Monday, August 1, 2011

Personal Growth through Isolation

Joan Anderson's memoir A Year by the Sea, thoughts of an unfinished woman (1999) chronicles the year she took off from her marriage to "find herself". The author  starts each chapter with inspirational quotes from the similar A Gift from the Sea by Anne Morrow Lindbergh and other sources. Many reviews on GoodReads compare it to Elizabeth Gilbert's Eat, Pray, Love (2006). This genre of memoir can perhaps be traced back to Viginia Woolf's A Room of One's Own (1929) What all three books share is the idea that women should have a space all to themselves, or take time and space, in order to maintain their individuality.  When writing about this idea, a modern author has to be careful not to tip to the side of selfishness, self-involvement, whining and entitlement. Reviewers differ on whether Anderson tips more to the selfish than the self-reflective. For me, classics, but not memoirs, like A Room of One's Own and Henrik Ibsen's The Doll's House, Hedda Gabler and The Master Builder treat women's dilemma of individuality so beautifully that it's difficult to tolerate the clunky prose styles of contemporary memoirists who attempt to shed light on the issue.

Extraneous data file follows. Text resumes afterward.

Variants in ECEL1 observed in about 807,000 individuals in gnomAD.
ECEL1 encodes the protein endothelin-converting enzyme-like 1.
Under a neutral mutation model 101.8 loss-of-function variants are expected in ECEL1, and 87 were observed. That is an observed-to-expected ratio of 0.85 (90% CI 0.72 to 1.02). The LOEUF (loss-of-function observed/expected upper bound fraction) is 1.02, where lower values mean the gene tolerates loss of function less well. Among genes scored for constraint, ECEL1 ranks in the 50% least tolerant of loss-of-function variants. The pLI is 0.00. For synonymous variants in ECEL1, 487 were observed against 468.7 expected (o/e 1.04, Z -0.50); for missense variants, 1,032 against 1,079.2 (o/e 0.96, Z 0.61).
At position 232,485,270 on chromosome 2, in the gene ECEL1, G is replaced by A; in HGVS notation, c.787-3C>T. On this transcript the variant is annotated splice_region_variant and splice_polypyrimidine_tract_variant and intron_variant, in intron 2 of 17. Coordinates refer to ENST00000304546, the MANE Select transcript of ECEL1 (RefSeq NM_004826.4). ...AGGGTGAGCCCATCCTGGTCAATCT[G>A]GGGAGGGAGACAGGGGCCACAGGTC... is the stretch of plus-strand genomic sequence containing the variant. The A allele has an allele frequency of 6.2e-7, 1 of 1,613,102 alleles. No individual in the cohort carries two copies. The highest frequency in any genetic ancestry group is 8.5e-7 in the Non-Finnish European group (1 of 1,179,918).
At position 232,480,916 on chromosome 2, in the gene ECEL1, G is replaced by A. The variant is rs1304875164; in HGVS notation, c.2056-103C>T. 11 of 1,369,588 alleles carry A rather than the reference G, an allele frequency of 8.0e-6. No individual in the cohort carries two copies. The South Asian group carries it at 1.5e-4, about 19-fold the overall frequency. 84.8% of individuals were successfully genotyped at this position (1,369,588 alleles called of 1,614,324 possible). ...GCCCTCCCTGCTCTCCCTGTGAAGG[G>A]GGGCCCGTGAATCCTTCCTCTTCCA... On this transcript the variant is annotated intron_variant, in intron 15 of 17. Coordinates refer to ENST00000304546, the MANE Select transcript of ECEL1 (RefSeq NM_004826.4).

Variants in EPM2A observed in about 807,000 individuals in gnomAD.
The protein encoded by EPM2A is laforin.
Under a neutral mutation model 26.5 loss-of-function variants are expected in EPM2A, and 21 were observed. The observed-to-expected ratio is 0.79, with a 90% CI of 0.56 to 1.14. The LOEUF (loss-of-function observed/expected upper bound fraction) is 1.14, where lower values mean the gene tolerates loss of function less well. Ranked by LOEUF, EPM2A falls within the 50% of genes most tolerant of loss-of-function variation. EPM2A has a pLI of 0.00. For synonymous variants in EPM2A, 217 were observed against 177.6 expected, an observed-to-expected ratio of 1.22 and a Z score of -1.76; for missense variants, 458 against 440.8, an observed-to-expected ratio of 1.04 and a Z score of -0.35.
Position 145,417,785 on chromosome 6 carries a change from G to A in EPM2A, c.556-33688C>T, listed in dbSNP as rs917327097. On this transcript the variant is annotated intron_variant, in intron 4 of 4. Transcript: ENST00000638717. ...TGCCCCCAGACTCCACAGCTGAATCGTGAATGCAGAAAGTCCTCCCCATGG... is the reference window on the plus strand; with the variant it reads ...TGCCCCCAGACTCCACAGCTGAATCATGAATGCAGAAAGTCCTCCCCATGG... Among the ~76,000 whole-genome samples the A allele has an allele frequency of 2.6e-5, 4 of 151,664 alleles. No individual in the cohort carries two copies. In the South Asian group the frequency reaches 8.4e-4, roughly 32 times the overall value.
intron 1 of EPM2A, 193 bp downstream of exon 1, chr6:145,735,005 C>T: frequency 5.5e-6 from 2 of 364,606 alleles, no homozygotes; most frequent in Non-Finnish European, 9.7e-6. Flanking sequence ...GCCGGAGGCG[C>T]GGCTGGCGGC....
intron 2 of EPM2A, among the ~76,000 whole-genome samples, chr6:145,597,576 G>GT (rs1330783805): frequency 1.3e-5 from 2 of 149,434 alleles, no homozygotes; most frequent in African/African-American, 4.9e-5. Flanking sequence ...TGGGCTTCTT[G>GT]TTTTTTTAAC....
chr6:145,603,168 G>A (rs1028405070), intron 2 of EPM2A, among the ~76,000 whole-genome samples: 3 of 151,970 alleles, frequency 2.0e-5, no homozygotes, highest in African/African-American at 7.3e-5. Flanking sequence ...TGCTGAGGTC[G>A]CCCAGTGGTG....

"A Year by the Sea' is not a classic piece of literature though, it's a quick, painless read. Anderson does what so many women, and men for that matter, would like to do: chuck it all and escape to a cozy cottage on Cape Cod (or wherever - fill in place here) and then write a bestseller about it that sells to the Oprah crowd. But wait, that's not all! Anderson follows this memoir with several others and she has a business that provides expensive "workshops" for women seeking to find themselves. I'm just picturing what a workshop by Virginia Woolf would have been like... 
Read-a-likes: popular memoirs by women authors
The Year of Magical Thinking by Joan Didion: musings on illness and death in the family.
The Glass Castle by Jeannette Walls - puts the "dys" in dysfunctional family.
Traveling Mercies by Anne Lamott, or any of her books; Lamott is funny and flawed.
The Road from Coorain by Jill Ker Conway, if you like to read about Australia.
My review of Take Big Bites by Linda Ellerbee which I loved because she is funny and self-deprecating.
My review of Mutant Message Down Under, a memoir which may be a hoax and which I found even more annoyingly narrow-minded than Eat, Pray, Love and A Year by the Sea.

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